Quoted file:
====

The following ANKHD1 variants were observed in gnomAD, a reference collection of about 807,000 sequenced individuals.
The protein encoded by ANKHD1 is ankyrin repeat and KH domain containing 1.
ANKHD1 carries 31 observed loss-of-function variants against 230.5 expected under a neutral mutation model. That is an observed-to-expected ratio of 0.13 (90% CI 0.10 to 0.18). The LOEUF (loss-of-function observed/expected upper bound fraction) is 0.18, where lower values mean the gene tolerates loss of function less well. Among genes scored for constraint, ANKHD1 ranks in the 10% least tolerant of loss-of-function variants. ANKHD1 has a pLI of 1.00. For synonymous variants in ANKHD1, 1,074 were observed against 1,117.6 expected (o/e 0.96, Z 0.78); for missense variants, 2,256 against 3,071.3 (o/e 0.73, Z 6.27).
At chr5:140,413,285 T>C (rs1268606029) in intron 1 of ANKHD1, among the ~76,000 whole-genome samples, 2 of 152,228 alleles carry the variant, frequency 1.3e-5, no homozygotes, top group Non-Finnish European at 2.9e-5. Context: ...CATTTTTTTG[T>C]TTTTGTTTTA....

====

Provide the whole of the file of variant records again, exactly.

The following ANKHD1 variants were observed in gnomAD, a reference collection of about 807,000 sequenced individuals.
The protein encoded by ANKHD1 is ankyrin repeat and KH domain containing 1.
ANKHD1 carries 31 observed loss-of-function variants against 230.5 expected under a neutral mutation model. That is an observed-to-expected ratio of 0.13 (90% CI 0.10 to 0.18). The LOEUF (loss-of-function observed/expected upper bound fraction) is 0.18, where lower values mean the gene tolerates loss of function less well. Among genes scored for constraint, ANKHD1 ranks in the 10% least tolerant of loss-of-function variants. ANKHD1 has a pLI of 1.00. For synonymous variants in ANKHD1, 1,074 were observed against 1,117.6 expected (o/e 0.96, Z 0.78); for missense variants, 2,256 against 3,071.3 (o/e 0.73, Z 6.27).
At chr5:140,413,285 T>C (rs1268606029) in intron 1 of ANKHD1, among the ~76,000 whole-genome samples, 2 of 152,228 alleles carry the variant, frequency 1.3e-5, no homozygotes, top group Non-Finnish European at 2.9e-5. Context: ...CATTTTTTTG[T>C]TTTTGTTTTA....